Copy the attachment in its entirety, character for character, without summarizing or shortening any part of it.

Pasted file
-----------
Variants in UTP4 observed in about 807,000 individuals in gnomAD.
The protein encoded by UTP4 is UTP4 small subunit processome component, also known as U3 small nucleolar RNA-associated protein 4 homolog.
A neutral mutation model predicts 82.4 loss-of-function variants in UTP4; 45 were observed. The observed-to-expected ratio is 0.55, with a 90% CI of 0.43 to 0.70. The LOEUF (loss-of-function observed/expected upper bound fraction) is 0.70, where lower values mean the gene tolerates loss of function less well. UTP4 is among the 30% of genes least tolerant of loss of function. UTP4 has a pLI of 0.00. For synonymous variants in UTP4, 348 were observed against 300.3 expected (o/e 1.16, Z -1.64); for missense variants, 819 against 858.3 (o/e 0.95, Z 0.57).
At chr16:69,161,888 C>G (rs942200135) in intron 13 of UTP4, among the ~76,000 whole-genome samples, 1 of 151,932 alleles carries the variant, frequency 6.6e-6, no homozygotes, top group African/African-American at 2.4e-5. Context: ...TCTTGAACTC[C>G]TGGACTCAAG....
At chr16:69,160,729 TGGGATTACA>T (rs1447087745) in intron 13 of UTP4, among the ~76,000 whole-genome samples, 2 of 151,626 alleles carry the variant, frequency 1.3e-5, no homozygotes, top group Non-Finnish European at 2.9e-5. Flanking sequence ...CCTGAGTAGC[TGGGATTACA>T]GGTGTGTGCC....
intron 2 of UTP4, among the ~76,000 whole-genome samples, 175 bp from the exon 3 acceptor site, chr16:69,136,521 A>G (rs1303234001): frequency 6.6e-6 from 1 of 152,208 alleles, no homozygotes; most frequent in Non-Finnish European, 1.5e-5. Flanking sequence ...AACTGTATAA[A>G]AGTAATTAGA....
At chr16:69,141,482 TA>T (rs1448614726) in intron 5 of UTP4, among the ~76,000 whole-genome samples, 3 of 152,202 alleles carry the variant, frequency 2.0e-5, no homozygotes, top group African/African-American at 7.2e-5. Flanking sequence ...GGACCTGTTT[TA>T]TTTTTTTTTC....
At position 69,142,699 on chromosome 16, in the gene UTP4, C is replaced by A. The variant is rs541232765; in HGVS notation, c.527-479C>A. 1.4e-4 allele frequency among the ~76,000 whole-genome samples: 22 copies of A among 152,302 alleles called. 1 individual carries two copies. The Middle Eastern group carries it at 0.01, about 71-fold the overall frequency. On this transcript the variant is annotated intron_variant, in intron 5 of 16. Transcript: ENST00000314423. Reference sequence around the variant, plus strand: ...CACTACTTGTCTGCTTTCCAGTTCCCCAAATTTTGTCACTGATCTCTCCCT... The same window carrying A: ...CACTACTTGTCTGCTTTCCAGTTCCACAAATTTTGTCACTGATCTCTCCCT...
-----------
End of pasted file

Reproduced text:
Variants in UTP4 observed in about 807,000 individuals in gnomAD.
The protein encoded by UTP4 is UTP4 small subunit processome component, also known as U3 small nucleolar RNA-associated protein 4 homolog.
A neutral mutation model predicts 82.4 loss-of-function variants in UTP4; 45 were observed. The observed-to-expected ratio is 0.55, with a 90% CI of 0.43 to 0.70. The LOEUF (loss-of-function observed/expected upper bound fraction) is 0.70, where lower values mean the gene tolerates loss of function less well. UTP4 is among the 30% of genes least tolerant of loss of function. UTP4 has a pLI of 0.00. For synonymous variants in UTP4, 348 were observed against 300.3 expected (o/e 1.16, Z -1.64); for missense variants, 819 against 858.3 (o/e 0.95, Z 0.57).
At chr16:69,161,888 C>G (rs942200135) in intron 13 of UTP4, among the ~76,000 whole-genome samples, 1 of 151,932 alleles carries the variant, frequency 6.6e-6, no homozygotes, top group African/African-American at 2.4e-5. Context: ...TCTTGAACTC[C>G]TGGACTCAAG....
At chr16:69,160,729 TGGGATTACA>T (rs1447087745) in intron 13 of UTP4, among the ~76,000 whole-genome samples, 2 of 151,626 alleles carry the variant, frequency 1.3e-5, no homozygotes, top group Non-Finnish European at 2.9e-5. Flanking sequence ...CCTGAGTAGC[TGGGATTACA>T]GGTGTGTGCC....
intron 2 of UTP4, among the ~76,000 whole-genome samples, 175 bp from the exon 3 acceptor site, chr16:69,136,521 A>G (rs1303234001): frequency 6.6e-6 from 1 of 152,208 alleles, no homozygotes; most frequent in Non-Finnish European, 1.5e-5. Flanking sequence ...AACTGTATAA[A>G]AGTAATTAGA....
At chr16:69,141,482 TA>T (rs1448614726) in intron 5 of UTP4, among the ~76,000 whole-genome samples, 3 of 152,202 alleles carry the variant, frequency 2.0e-5, no homozygotes, top group African/African-American at 7.2e-5. Flanking sequence ...GGACCTGTTT[TA>T]TTTTTTTTTC....
At position 69,142,699 on chromosome 16, in the gene UTP4, C is replaced by A. The variant is rs541232765; in HGVS notation, c.527-479C>A. 1.4e-4 allele frequency among the ~76,000 whole-genome samples: 22 copies of A among 152,302 alleles called. 1 individual carries two copies. The Middle Eastern group carries it at 0.01, about 71-fold the overall frequency. On this transcript the variant is annotated intron_variant, in intron 5 of 16. Transcript: ENST00000314423. Reference sequence around the variant, plus strand: ...CACTACTTGTCTGCTTTCCAGTTCCCCAAATTTTGTCACTGATCTCTCCCT... The same window carrying A: ...CACTACTTGTCTGCTTTCCAGTTCCACAAATTTTGTCACTGATCTCTCCCT...